4) Tommy Streeter

Streeter is quite raw and is currently winning off natural ability. He usually wins contested catches and has deceptive downfield speed during his routes and after the catch. However, Streeter has been quite limited in creating separation and the routes that he succeeds with.

He may not look like the typical slot receiver, but that is where Streeter is most successful. When facing off coverage or after moving in motion, Streeter can certainly win down the seam or in soft zones on intermediate routes. He is an instant red-zone target that can begin his career as an NFL team's fourth wide receiver and developmental project

I like Streeter a lot and have liked him for a while. I think if he gets good coaching and dedicates himself in the NFL he can be a beast. I really think he has that much talent. And with another hurricane on the roster in AJ, he has the perfect role model to look up to and develop. He wouldn't have to to a whole lot right away and could afford to learn.

4) Ron Brooks, CB/Gunner

Played in 13 games and made three starts … One of LSU's most experienced players having played in every game since 2008 (52 games) … A top reserve in the secondary who often played in LSU's nickel and dime packages … Made two interceptions this season and returned both for touchdowns … Has three career INTs and has returned all three for TDs … Set a career high with six tackles and also added one sack and a fumble recovery against Arkansas … Named the SEC Defensive Player of the Week after a stellar game at Ole Miss where he returned an interception 46 yards for a touchdown, recorded a sack, forced a fumble that he recovered and finished with four tackles … Tied his career high with 2.0 tackles for a loss, including one sack, and he added one PBU and one QB hurry as well against Western Kentucky … Made his second career start at cornerback against Auburn and made a huge impact with a 28-yard interception for a touchdown as well as four tackles, 0.5 TFLs, one forced fumble, one PBU and one QB hurry … Set a career high with three pass breakups versus Kentucky … Started his first career game at West Virginia … Serves as a gunner on punt coverage after downing several punts inside the 20 last year.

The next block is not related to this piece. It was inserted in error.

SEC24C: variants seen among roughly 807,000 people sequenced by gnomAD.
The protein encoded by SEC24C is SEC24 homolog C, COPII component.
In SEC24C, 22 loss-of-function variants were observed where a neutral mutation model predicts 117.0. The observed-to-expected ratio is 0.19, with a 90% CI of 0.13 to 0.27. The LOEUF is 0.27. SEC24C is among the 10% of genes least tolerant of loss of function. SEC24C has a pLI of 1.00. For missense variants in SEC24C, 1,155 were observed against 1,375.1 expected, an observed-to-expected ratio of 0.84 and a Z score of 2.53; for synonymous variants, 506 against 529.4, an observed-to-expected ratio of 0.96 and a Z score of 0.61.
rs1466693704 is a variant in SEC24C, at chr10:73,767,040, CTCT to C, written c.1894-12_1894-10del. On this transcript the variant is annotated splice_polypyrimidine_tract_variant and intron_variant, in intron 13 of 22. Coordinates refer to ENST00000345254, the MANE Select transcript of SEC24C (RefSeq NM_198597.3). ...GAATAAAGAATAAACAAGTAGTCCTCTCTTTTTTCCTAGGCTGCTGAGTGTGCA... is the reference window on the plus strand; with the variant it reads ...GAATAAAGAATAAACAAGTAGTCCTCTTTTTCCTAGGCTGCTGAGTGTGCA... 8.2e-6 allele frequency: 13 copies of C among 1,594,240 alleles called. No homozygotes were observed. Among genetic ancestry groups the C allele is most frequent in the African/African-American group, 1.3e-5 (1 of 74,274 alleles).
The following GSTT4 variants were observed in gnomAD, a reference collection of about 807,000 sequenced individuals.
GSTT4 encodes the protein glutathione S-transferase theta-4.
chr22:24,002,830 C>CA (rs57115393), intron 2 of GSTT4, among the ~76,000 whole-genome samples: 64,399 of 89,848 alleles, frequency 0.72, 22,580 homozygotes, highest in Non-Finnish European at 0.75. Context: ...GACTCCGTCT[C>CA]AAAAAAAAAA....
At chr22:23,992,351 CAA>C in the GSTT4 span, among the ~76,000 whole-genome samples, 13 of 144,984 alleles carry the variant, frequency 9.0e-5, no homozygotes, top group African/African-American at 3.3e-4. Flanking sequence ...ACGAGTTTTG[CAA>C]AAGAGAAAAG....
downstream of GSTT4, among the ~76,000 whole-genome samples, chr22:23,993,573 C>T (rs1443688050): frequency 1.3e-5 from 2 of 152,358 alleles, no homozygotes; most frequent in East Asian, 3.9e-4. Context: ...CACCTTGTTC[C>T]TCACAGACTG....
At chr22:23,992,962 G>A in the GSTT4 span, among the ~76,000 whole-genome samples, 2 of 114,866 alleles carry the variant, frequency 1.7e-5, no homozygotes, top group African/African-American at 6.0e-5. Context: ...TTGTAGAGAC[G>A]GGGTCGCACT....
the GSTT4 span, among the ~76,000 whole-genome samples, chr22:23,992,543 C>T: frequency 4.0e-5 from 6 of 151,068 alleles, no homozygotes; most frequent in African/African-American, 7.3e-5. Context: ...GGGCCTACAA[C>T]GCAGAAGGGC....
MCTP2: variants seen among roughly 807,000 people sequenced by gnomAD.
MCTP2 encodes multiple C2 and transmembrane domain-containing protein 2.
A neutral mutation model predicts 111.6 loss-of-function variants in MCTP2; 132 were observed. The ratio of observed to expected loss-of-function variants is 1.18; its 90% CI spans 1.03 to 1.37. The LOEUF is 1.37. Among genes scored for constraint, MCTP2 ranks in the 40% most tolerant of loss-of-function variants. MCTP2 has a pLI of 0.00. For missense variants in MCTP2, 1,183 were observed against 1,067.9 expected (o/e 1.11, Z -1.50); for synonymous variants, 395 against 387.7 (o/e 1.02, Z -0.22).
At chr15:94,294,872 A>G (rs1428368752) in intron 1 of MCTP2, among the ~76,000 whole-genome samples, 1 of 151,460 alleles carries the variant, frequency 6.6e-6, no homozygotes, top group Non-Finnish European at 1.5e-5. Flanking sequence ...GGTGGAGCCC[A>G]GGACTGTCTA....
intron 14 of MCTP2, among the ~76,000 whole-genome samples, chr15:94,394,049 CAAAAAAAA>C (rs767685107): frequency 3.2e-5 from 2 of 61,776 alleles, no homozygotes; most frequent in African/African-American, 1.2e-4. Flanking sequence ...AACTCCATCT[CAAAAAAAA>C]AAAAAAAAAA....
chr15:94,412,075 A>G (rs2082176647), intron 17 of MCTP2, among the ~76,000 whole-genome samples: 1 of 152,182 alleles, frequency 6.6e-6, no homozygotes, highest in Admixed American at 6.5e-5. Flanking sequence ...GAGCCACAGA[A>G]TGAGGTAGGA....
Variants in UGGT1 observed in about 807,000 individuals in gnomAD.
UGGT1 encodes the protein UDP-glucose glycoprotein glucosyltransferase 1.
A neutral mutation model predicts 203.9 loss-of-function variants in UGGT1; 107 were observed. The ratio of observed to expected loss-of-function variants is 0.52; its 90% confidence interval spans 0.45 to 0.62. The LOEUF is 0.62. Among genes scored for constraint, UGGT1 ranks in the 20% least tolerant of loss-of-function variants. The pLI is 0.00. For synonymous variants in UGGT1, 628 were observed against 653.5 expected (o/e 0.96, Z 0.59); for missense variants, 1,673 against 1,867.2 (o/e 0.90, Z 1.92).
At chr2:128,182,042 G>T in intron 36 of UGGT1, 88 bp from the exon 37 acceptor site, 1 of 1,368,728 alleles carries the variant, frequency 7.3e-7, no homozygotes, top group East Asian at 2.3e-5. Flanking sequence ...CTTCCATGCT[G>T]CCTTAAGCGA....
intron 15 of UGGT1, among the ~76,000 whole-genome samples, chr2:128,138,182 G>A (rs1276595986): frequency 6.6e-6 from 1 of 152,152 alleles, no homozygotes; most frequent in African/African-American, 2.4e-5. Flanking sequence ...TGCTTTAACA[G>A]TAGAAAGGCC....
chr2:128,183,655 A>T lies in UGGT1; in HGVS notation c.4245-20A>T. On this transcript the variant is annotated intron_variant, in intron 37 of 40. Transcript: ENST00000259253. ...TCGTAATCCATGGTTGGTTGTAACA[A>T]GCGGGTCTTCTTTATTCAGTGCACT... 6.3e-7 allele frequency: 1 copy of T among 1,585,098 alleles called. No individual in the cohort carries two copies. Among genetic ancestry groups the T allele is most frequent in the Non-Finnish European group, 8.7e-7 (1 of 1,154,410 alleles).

Maybe a WTF pick to some, but I think he is worth the pick. Good player to have in that he accepts his role and does it to the best of his ability. He would make a decent back-up in the slot for McCain and he is an exceptional special teams player. I think he would add tremendous value to our kick coverage units. Would be a great gunner for us. Very good tackler with good athleticism.

4) Chris Rainey, RB/Slot/Returner

An extremely versatile athlete capable of making an impact as a running back, receiver or special teams standout, Rainey emerged during his senior season to be the first Florida running back since Emmitt Smith to lead the Gators in both rushing yards (861) and receptions (31). He followed that up with an impressive week of practice at the Senior Bowl in which his playmaking skills were largely put to the test at wide receiver, though his only touch during the game, itself, came on a five yard run.

A highly touted prep prospect, Rainey saw action immediately for the Gators but was sidelined after four games with a shoulder injury and eventually redshirted in 2008. He saw action in 48 more games over his Florida career, starting 19 contests. The all-purpose star left Florida having rushed for 2,464 yards (ninth all-time for the Gators) and caught 69 passes for 795 yards, scoring 19 touchdowns over his career.

At his size, Rainey certainly isn't a workhorse candidate at the next level. Some, in fact, see his greatest potential lining up as a slot receiver in a similar role to what Percy Harvin (himself a former Florida Gator) has with the Minnesota Vikings. If utilized as a back, Rainey's soft hands and playmaking ability could intrigue teams, especially considering the impact undersized multi-purpose backs like Darren Sproles, Reggie Bush and even Dexter McCluster saw for their respective clubs in 2011.